KLD Associates, Inc.

    Presented at the 10th ITS Annual Conference and Exposition, May 1-4, 2000 Boston, MA

  • Minnesota Department of Transportation Motorist Information

    Freeway congestion is an ever-increasing problem. With limited funding, building bigger roads is not always an option. So we look to traffic management strategies in order to optimize traffic flow efficiency and safety. Of those strategies, this paper addresses Motorist Information. The Minnesota Department of Transportation (Mn/DOT) has been on the leading edge with their Motorist Information efforts.

    Within this paper we will provide background information regarding Mn/DOT’s Traffic Management Center. Again, Mn/DOT was on the leading edge when it was opened in 1972. But the truly impressive expansion of the system came during the 1980’s and 1990’s. Our surveillance increased from 32 CCTV cameras to now more then 240. In addition, we have a fully automated system of more then 400 ramp meters, a continually expanding changeable message sign (CMS) system and the previously mentioned Advanced Traveler Information Systems are described.

    This paper will also explain how the low power Highway Advisory Radio (HAR) was initially considered for dissemination of traffic information. But it was determined it would not be as effective as would be needed. So the concept of partnering with the Minneapolis Public Schools (MSP) was presented. There had been nothing like this previously or since. Mn/DOT’s Traffic Radio is the only one of it’s kind in the United States. The partnership includes an amount paid by Mn/DOT to MPS for traffic reports, originating from the Mn/DOT Traffic Management Center, to be broadcast at ten minute intervals from 6:00-9:00 A.M. and 3:30-7:00 P.M., Monday through Friday.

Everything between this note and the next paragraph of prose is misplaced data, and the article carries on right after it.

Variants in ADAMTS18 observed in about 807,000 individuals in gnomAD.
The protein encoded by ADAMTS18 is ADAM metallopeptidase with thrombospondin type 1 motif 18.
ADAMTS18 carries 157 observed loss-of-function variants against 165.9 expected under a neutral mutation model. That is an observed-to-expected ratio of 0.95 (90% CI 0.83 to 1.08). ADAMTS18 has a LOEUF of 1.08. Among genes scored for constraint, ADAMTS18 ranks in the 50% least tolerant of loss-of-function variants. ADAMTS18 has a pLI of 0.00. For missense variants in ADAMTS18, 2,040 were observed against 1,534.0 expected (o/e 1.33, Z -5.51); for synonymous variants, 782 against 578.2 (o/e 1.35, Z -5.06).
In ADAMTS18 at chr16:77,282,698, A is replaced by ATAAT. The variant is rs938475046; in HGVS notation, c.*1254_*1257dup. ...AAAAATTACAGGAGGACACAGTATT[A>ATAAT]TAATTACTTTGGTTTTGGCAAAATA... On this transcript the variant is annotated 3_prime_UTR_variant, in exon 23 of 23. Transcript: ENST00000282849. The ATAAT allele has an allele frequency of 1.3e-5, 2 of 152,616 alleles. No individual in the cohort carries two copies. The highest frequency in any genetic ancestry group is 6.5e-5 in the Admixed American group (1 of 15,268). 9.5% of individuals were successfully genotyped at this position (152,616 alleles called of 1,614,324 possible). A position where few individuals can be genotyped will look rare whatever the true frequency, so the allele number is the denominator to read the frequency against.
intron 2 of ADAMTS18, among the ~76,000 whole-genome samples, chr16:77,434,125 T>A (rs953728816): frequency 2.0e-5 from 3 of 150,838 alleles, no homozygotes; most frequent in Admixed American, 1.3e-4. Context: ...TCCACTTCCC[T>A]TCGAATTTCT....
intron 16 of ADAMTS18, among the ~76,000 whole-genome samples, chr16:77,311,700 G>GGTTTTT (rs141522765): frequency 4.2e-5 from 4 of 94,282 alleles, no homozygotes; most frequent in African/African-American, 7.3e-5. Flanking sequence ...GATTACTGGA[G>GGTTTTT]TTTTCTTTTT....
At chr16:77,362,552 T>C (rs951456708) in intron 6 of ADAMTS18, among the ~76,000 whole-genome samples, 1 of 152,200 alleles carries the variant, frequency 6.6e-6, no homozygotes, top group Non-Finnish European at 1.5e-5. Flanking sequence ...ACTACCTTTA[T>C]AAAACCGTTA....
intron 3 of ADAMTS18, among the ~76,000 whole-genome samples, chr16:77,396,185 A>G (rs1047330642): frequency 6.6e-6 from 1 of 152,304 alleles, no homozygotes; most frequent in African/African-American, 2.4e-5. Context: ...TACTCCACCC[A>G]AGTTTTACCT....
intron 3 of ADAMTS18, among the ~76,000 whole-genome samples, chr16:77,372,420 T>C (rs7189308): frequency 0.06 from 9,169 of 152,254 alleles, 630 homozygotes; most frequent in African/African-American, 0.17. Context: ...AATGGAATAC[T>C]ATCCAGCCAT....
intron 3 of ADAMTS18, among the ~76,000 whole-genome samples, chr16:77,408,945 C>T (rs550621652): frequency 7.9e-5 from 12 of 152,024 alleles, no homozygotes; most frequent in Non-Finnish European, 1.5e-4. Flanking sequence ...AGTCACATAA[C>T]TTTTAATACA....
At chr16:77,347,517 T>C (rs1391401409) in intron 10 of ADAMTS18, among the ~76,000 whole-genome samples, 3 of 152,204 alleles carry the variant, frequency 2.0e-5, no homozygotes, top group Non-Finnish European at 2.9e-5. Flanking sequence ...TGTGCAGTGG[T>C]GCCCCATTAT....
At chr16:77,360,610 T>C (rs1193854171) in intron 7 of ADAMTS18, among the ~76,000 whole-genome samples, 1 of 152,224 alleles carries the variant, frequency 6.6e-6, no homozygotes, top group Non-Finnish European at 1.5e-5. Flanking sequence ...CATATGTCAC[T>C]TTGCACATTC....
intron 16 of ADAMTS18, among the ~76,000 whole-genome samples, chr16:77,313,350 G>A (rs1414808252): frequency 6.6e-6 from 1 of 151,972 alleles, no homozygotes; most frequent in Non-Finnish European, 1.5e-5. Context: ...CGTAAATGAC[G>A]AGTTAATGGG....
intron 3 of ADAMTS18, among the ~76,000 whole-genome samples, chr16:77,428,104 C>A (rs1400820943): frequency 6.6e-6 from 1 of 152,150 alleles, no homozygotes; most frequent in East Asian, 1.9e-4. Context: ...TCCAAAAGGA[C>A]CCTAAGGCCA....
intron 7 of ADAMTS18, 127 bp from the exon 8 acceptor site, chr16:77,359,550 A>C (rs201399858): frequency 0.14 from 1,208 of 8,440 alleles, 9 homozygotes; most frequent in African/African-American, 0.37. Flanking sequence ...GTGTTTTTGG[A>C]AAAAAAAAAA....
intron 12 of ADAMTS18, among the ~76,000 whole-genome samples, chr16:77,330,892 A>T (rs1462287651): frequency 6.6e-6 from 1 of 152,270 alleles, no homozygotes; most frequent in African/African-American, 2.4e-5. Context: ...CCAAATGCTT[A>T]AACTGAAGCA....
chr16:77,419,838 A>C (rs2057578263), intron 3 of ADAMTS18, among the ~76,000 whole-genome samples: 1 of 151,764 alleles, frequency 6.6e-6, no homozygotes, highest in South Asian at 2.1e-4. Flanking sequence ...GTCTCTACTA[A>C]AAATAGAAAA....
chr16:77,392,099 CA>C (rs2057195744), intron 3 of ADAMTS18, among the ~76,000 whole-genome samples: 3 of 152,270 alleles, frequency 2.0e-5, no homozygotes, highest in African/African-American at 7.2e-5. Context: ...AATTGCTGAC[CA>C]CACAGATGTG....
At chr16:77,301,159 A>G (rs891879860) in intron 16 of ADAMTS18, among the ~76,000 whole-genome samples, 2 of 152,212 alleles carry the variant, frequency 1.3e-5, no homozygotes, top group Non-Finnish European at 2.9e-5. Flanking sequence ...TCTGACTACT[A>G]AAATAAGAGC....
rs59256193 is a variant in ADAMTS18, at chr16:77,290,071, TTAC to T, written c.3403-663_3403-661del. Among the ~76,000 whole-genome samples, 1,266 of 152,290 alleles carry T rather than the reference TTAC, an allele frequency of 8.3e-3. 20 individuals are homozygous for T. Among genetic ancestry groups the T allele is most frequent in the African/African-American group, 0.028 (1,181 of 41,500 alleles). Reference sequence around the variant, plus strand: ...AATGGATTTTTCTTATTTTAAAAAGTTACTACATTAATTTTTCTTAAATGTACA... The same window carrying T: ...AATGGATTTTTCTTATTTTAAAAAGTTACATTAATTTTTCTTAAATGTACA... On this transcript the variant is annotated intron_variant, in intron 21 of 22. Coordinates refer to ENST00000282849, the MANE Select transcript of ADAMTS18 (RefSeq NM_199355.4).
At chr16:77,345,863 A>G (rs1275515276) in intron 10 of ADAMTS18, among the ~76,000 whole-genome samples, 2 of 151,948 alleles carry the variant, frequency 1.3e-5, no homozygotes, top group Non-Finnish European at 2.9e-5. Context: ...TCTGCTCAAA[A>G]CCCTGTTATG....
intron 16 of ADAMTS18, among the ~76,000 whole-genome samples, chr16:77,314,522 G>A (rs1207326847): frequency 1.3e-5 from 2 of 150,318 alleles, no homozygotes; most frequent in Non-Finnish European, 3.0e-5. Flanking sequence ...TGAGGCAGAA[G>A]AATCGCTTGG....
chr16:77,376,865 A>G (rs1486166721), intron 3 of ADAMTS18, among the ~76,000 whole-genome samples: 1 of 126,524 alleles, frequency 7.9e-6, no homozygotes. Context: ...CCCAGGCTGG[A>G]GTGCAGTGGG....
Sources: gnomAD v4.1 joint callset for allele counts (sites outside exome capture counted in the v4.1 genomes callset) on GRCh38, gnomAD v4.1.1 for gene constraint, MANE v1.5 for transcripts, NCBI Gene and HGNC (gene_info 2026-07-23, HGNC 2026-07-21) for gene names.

Once Traffic Radio was established it was decided that we needed to provide more options for motorists to receive our information. The idea was that we would provide the most accurate information to everyone regardless of where they were. So through our own development and partnerships we now have Motorist Information available through the Internet, television and the telephone. This paper will identify and describe each of these strategies. And finally, what the future holds.

    Minnesota Department of Transportation

    Presented at the 10th ITS Annual Conference and Exposition, May 1-4, 2000 Boston, MA

  • Intermodal Applications of Advanced Traveler Information Systems: The Case of Airport Ground Access

    Advanced Traveler Information Systems (ATIS) are currently being deployed in metropolitan areas for both highway and transit systems. Now, traveler information systems are being examined for their applicability to all phases of the longer distance trip between metropolitan areas. Work now underway at the I-95 Corridor Coalition is examining the needs of the traveler for longer distance trips by modes other than the private automobile.1 Work currently underway at the Transit Cooperative Research Program is examining a wide variety of strategies useful to the designer of public transportation services to airports, including the need to get information to the user about alternatives to the automobile trip.2 Based on the work at these two organizations, this paper reviews the application of elements of ATIS programs to aid the traveler in the provision of a multisegment public mode trip (i.e. a trip requiring several modes) which provides the user with an alternative to the automobile trip. The examples illustrate the technology available to improve the utilization of public modes to major airports.

    Matthew A. Coogan - Consultant in Transportation

    Presented at the 10th ITS Annual Conference and Exposition, May 1-4, 2000 Boston, MA